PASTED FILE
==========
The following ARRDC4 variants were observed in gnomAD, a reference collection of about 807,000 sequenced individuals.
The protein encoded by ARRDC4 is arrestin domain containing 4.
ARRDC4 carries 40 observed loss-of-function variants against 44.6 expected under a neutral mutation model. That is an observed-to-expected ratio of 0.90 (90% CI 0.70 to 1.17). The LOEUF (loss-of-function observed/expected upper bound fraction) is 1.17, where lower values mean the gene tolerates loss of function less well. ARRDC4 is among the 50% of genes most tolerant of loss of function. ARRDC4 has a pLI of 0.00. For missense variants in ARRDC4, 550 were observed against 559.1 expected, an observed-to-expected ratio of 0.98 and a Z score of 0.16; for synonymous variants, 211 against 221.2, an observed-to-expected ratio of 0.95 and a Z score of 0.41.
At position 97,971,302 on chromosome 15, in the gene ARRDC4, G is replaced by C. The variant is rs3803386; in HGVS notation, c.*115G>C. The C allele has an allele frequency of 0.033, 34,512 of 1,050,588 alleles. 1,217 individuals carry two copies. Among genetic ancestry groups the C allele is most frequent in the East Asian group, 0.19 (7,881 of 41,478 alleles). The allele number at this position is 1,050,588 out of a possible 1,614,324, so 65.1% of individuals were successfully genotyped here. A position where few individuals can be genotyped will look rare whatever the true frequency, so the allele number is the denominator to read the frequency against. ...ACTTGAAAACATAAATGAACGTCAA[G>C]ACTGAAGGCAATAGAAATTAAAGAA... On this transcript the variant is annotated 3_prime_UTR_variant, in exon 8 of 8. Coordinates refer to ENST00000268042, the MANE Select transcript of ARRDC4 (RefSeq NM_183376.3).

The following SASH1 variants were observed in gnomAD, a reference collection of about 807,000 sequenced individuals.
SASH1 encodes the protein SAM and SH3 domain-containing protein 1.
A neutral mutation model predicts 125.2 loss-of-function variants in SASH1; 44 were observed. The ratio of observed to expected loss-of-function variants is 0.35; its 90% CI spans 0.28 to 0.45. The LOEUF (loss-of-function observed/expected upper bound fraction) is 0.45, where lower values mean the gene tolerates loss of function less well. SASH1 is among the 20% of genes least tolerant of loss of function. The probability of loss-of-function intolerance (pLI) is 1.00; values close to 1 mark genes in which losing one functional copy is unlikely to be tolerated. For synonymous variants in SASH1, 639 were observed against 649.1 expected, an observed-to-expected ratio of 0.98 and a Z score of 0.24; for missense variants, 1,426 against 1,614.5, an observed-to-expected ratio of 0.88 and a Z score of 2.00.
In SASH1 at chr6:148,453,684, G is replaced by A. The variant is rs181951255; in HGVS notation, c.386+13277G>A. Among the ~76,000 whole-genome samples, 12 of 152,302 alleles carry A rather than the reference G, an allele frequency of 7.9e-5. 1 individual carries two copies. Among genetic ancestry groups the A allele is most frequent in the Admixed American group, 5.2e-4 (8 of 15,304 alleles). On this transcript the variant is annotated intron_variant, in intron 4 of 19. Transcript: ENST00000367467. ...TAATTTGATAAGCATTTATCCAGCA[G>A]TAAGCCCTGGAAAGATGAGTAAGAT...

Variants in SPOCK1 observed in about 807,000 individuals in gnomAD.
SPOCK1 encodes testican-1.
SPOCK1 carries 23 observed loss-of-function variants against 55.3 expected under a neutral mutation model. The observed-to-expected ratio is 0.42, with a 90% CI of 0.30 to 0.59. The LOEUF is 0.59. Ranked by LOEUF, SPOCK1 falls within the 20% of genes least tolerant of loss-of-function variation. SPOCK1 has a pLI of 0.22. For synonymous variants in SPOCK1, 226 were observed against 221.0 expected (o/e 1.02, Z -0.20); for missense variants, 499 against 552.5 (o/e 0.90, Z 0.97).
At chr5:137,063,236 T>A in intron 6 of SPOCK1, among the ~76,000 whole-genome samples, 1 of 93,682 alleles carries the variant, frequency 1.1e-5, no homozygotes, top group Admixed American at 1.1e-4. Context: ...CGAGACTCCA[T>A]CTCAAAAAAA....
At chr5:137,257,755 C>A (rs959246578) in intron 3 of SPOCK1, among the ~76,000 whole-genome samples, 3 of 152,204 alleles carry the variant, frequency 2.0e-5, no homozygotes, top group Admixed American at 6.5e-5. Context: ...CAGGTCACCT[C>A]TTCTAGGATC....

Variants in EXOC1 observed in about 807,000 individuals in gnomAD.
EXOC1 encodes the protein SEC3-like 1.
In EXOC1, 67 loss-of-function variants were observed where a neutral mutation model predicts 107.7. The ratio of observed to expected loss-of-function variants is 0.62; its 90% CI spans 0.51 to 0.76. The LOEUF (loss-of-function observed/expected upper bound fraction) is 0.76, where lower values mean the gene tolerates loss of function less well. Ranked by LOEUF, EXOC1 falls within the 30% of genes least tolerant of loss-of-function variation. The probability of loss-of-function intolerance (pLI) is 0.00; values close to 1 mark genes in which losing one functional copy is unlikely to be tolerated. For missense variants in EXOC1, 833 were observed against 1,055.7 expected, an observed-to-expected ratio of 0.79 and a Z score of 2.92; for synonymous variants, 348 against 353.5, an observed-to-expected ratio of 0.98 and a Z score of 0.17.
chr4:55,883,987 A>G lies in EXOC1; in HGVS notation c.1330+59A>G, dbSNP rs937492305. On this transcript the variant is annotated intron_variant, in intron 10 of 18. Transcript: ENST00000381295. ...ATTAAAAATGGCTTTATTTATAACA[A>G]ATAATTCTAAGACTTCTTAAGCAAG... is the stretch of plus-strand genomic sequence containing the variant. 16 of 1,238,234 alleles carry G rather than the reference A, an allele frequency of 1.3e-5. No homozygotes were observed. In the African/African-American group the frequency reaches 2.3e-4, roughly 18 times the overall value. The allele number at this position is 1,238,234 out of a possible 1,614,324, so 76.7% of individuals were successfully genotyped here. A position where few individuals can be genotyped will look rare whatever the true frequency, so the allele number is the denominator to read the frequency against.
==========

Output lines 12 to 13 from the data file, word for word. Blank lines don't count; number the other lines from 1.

At chr5:137,063,236 T>A in intron 6 of SPOCK1, among the ~76,000 whole-genome samples, 1 of 93,682 alleles carries the variant, frequency 1.1e-5, no homozygotes, top group Admixed American at 1.1e-4. Context: ...CGAGACTCCA[T>A]CTCAAAAAAA....
At chr5:137,257,755 C>A (rs959246578) in intron 3 of SPOCK1, among the ~76,000 whole-genome samples, 3 of 152,204 alleles carry the variant, frequency 2.0e-5, no homozygotes, top group Admixed American at 6.5e-5. Context: ...CAGGTCACCT[C>A]TTCTAGGATC....